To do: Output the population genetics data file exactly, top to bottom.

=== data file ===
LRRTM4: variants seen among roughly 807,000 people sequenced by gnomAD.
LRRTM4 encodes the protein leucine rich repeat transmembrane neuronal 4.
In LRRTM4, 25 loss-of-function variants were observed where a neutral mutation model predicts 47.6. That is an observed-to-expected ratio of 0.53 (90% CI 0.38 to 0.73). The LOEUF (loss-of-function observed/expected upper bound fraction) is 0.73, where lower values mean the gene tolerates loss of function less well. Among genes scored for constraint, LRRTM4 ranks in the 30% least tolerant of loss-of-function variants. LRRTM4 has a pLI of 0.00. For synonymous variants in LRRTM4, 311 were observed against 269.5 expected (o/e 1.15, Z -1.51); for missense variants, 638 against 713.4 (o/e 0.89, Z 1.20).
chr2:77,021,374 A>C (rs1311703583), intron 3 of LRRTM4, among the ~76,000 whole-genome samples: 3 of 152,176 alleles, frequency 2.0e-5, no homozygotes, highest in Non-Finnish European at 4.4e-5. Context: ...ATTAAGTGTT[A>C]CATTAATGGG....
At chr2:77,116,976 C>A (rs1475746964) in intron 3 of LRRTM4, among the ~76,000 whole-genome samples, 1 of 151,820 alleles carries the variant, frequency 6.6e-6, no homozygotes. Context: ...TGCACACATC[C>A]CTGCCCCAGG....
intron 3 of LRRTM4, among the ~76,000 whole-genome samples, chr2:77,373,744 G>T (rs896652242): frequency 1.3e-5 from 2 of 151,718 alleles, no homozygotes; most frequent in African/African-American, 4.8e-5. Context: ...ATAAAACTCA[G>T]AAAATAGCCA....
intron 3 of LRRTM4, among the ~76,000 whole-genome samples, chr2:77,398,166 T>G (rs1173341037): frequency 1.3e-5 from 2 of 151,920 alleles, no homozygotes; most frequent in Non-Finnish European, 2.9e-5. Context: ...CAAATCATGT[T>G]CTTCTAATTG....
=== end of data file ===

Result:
LRRTM4: variants seen among roughly 807,000 people sequenced by gnomAD.
LRRTM4 encodes the protein leucine rich repeat transmembrane neuronal 4.
In LRRTM4, 25 loss-of-function variants were observed where a neutral mutation model predicts 47.6. That is an observed-to-expected ratio of 0.53 (90% CI 0.38 to 0.73). The LOEUF (loss-of-function observed/expected upper bound fraction) is 0.73, where lower values mean the gene tolerates loss of function less well. Among genes scored for constraint, LRRTM4 ranks in the 30% least tolerant of loss-of-function variants. LRRTM4 has a pLI of 0.00. For synonymous variants in LRRTM4, 311 were observed against 269.5 expected (o/e 1.15, Z -1.51); for missense variants, 638 against 713.4 (o/e 0.89, Z 1.20).
chr2:77,021,374 A>C (rs1311703583), intron 3 of LRRTM4, among the ~76,000 whole-genome samples: 3 of 152,176 alleles, frequency 2.0e-5, no homozygotes, highest in Non-Finnish European at 4.4e-5. Context: ...ATTAAGTGTT[A>C]CATTAATGGG....
At chr2:77,116,976 C>A (rs1475746964) in intron 3 of LRRTM4, among the ~76,000 whole-genome samples, 1 of 151,820 alleles carries the variant, frequency 6.6e-6, no homozygotes. Context: ...TGCACACATC[C>A]CTGCCCCAGG....
intron 3 of LRRTM4, among the ~76,000 whole-genome samples, chr2:77,373,744 G>T (rs896652242): frequency 1.3e-5 from 2 of 151,718 alleles, no homozygotes; most frequent in African/African-American, 4.8e-5. Context: ...ATAAAACTCA[G>T]AAAATAGCCA....
intron 3 of LRRTM4, among the ~76,000 whole-genome samples, chr2:77,398,166 T>G (rs1173341037): frequency 1.3e-5 from 2 of 151,920 alleles, no homozygotes; most frequent in Non-Finnish European, 2.9e-5. Context: ...CAAATCATGT[T>G]CTTCTAATTG....